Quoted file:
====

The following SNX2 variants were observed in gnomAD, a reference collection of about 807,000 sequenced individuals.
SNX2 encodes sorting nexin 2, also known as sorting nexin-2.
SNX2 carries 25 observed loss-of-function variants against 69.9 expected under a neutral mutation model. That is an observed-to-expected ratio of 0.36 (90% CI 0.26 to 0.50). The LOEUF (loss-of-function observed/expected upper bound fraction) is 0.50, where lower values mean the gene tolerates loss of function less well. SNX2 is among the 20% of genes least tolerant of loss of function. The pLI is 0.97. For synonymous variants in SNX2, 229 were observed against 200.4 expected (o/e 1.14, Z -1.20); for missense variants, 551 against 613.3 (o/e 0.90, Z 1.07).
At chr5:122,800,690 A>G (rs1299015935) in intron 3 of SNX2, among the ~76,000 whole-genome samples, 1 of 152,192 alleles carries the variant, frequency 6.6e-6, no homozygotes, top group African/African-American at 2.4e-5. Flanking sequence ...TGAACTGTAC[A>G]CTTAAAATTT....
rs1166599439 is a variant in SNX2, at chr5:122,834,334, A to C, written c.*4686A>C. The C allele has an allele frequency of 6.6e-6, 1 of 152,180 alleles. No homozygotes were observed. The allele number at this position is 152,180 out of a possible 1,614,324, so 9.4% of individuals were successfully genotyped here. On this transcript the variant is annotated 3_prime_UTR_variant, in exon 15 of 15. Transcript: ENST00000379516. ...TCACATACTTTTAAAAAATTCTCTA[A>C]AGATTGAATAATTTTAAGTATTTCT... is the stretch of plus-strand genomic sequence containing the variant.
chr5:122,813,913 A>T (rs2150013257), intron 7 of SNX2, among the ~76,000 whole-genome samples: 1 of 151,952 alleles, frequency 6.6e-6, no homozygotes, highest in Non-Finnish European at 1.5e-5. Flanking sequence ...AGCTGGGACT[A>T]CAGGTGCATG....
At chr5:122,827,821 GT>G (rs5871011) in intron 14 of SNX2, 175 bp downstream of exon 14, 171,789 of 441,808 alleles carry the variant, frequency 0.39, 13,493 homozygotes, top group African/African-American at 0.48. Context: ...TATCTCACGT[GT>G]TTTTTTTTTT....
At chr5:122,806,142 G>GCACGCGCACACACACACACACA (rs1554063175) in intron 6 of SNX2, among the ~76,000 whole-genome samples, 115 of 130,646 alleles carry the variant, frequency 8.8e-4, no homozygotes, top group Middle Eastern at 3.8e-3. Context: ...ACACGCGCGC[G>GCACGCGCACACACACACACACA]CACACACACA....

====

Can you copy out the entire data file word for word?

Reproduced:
The following SNX2 variants were observed in gnomAD, a reference collection of about 807,000 sequenced individuals.
SNX2 encodes sorting nexin 2, also known as sorting nexin-2.
SNX2 carries 25 observed loss-of-function variants against 69.9 expected under a neutral mutation model. That is an observed-to-expected ratio of 0.36 (90% CI 0.26 to 0.50). The LOEUF (loss-of-function observed/expected upper bound fraction) is 0.50, where lower values mean the gene tolerates loss of function less well. SNX2 is among the 20% of genes least tolerant of loss of function. The pLI is 0.97. For synonymous variants in SNX2, 229 were observed against 200.4 expected (o/e 1.14, Z -1.20); for missense variants, 551 against 613.3 (o/e 0.90, Z 1.07).
At chr5:122,800,690 A>G (rs1299015935) in intron 3 of SNX2, among the ~76,000 whole-genome samples, 1 of 152,192 alleles carries the variant, frequency 6.6e-6, no homozygotes, top group African/African-American at 2.4e-5. Flanking sequence ...TGAACTGTAC[A>G]CTTAAAATTT....
rs1166599439 is a variant in SNX2, at chr5:122,834,334, A to C, written c.*4686A>C. The C allele has an allele frequency of 6.6e-6, 1 of 152,180 alleles. No homozygotes were observed. The allele number at this position is 152,180 out of a possible 1,614,324, so 9.4% of individuals were successfully genotyped here. On this transcript the variant is annotated 3_prime_UTR_variant, in exon 15 of 15. Transcript: ENST00000379516. ...TCACATACTTTTAAAAAATTCTCTA[A>C]AGATTGAATAATTTTAAGTATTTCT... is the stretch of plus-strand genomic sequence containing the variant.
chr5:122,813,913 A>T (rs2150013257), intron 7 of SNX2, among the ~76,000 whole-genome samples: 1 of 151,952 alleles, frequency 6.6e-6, no homozygotes, highest in Non-Finnish European at 1.5e-5. Flanking sequence ...AGCTGGGACT[A>T]CAGGTGCATG....
At chr5:122,827,821 GT>G (rs5871011) in intron 14 of SNX2, 175 bp downstream of exon 14, 171,789 of 441,808 alleles carry the variant, frequency 0.39, 13,493 homozygotes, top group African/African-American at 0.48. Context: ...TATCTCACGT[GT>G]TTTTTTTTTT....
At chr5:122,806,142 G>GCACGCGCACACACACACACACA (rs1554063175) in intron 6 of SNX2, among the ~76,000 whole-genome samples, 115 of 130,646 alleles carry the variant, frequency 8.8e-4, no homozygotes, top group Middle Eastern at 3.8e-3. Context: ...ACACGCGCGC[G>GCACGCGCACACACACACACACA]CACACACACA....